Coffee v tea: Is India falling for the cappuccino?
Starbucks has announced it is to open its first outlet in India by the end of the year, marking the international chain's first venture into the country. India has been a nation of tea drinkers for centuries, but in the past decade coffee has been on the rise. Is the chai losing out to the cappuccino?
At a small stand next to a photocopying shop, Ram Shankar Patidar is heating milk on a single gas stove. The focus of his attention is a stainless steel container, which is bubbling and rattling as he adds tea leaves, water, spices, and freshly crushed ginger.
Patidar has been making and selling Indian tea, better known as chai, for more than 40 years.
He has occupied the same spot in a busy suburban business district in Mumbai for more than a decade, but for the past eight weeks there's been a new addition to the street.
Directly opposite his stand is a branch of India's largest coffee chain, Cafe Coffee Day, abbreviated by many to CCD.
"They don't make much of a difference to me," he says as he ladles the mixture through muslin into a small glass. "Those who can afford to go to CCD would anyway. It's much more expensive than what I sell."
For many years, the humble chai wallah has been part of the country's fabric, but in the past decade, the makeshift roadside stalls have begun facing competition from Western-style coffee chains.
The first Cafe Coffee Day opened in 1996, marking the beginning of a change in Indian tastes and habits. The CCD chain is now opening a branch almost every week, and has more than 1,200 stores across India. It's been joined by other chains, including Barista Lavazza and Costa Coffee.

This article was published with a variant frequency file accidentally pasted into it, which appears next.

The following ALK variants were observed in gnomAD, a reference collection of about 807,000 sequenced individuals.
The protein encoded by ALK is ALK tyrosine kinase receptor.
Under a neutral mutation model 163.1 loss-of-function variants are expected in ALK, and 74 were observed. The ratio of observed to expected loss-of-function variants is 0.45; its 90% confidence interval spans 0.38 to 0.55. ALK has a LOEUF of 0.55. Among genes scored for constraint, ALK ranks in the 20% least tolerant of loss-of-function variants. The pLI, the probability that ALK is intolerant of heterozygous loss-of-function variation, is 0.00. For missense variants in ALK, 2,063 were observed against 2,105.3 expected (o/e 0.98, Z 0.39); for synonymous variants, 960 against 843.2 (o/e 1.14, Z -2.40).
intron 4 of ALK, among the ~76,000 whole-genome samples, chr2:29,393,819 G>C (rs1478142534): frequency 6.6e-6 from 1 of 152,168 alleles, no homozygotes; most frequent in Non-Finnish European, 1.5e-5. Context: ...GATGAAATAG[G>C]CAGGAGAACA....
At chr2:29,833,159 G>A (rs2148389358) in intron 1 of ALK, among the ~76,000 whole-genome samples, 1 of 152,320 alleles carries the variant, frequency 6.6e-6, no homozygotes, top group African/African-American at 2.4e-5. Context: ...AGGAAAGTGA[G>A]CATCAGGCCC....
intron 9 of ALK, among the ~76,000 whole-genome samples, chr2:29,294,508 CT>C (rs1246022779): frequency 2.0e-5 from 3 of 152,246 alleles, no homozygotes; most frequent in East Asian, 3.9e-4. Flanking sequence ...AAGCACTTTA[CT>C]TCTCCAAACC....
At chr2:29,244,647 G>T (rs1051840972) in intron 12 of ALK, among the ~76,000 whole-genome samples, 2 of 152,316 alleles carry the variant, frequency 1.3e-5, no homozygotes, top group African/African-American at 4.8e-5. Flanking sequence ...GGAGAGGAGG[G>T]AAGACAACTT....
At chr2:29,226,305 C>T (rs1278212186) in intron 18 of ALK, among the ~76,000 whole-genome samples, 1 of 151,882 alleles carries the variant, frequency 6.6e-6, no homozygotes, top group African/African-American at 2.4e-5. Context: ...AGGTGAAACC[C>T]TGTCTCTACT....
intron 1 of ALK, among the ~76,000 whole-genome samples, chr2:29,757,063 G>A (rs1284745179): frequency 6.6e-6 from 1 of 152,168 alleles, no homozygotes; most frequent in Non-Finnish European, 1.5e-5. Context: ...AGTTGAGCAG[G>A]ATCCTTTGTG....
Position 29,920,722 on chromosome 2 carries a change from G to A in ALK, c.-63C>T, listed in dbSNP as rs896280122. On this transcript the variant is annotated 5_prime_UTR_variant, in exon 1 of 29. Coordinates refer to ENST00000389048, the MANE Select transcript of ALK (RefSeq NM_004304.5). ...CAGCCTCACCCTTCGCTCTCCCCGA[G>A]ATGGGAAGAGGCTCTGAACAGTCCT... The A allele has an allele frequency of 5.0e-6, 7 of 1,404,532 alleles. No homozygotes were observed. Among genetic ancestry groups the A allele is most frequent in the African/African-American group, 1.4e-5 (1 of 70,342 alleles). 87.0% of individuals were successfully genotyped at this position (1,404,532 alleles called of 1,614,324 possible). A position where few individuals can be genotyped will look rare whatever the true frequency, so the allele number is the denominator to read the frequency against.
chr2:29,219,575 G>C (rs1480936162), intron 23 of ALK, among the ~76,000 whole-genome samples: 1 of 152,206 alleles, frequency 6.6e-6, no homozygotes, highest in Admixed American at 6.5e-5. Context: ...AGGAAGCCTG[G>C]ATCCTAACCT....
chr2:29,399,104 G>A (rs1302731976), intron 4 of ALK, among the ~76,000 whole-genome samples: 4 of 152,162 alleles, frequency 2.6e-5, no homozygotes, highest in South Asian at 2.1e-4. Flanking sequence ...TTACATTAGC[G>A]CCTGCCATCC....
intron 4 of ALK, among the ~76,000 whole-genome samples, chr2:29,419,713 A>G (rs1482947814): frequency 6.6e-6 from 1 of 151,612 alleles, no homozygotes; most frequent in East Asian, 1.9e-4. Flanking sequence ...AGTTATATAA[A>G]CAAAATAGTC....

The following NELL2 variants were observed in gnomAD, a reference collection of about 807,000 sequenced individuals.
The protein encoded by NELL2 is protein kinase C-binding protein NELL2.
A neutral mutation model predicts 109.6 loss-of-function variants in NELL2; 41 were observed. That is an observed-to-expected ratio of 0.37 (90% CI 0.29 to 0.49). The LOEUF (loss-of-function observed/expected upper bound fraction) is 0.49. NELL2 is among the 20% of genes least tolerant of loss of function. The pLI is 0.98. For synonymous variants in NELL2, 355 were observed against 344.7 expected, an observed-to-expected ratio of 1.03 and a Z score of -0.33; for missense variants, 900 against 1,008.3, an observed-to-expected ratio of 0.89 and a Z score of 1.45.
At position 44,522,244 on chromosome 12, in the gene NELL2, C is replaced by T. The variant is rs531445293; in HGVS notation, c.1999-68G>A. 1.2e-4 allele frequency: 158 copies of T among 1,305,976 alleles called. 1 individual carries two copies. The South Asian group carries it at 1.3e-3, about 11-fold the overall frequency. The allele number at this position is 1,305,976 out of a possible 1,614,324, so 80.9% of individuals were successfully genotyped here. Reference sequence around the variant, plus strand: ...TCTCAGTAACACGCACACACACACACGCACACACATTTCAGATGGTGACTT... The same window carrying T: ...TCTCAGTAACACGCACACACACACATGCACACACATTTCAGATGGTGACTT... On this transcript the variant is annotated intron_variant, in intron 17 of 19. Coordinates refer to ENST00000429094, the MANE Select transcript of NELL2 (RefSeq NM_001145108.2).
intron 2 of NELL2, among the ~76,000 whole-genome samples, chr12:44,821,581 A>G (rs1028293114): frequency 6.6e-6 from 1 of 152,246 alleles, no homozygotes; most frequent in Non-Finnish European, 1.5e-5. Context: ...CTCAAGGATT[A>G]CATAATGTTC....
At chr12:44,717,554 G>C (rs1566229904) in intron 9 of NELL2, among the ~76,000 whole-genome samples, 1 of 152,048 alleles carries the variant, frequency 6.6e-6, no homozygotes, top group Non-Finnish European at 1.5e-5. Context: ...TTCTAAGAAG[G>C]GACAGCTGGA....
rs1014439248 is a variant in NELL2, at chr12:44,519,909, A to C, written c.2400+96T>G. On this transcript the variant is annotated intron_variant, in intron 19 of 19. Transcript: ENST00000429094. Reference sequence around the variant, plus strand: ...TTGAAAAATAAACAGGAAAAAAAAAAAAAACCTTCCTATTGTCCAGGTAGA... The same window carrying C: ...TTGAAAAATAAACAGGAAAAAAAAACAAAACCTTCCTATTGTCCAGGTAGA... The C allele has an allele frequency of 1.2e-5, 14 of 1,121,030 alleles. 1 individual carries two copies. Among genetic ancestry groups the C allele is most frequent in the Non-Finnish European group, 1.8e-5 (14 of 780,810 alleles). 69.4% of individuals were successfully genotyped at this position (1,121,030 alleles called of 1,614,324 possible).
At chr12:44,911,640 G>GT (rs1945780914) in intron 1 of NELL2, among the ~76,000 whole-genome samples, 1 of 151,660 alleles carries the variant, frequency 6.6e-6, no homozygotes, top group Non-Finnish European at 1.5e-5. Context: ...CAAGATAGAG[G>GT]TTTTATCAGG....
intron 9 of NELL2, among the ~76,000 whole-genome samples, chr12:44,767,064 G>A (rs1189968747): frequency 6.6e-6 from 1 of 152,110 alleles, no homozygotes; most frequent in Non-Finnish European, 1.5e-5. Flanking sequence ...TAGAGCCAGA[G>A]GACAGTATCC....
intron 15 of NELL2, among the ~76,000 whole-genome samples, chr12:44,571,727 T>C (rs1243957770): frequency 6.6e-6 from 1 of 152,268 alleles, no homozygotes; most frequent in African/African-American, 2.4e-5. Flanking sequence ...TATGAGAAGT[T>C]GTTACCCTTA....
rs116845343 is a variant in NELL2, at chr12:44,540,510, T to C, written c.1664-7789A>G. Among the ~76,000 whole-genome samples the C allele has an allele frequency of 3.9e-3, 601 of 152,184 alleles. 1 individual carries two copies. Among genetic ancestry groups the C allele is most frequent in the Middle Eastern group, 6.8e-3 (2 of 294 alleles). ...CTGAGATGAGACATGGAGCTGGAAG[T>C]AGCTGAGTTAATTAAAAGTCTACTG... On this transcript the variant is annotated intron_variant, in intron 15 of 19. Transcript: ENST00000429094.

Like their Western counterparts, India's coffee shops serve a range of coffees from mochas to lattes, iced coffees to espressos. But their appeal is greater than their beverages.
"I go to coffee shops just to hang out," says Zain Waris, a student in Mumbai. "In India, we don't have many places to hang out, and these chains don't have any objections to us spending hours and hours sitting there."
India's coffee culture has changed the way young Indians socialise.
In a country where there is a limited bar culture, and where drinking alcohol is still frowned upon in many circles, it has provided an acceptable and safe outlet for people, particularly young Indians, to share a drink.
It is common to see large groups of teenagers congregating at coffee shops later into the evening. Some branches provide guitars for jam sessions.
It has also helped facilitate the country's growing dating culture - having a girlfriend or boyfriend at a young age is frowned upon by many, so secret trysts at a coffee shop have become the norm for many young Indians, and serve as a suitable bolthole away from the prying eyes of parents.
For 22-year-old graduate Ronak Mehta it's the perfect place to discuss college work. "It's much better than sitting on a bench, where you'd drink tea," he says.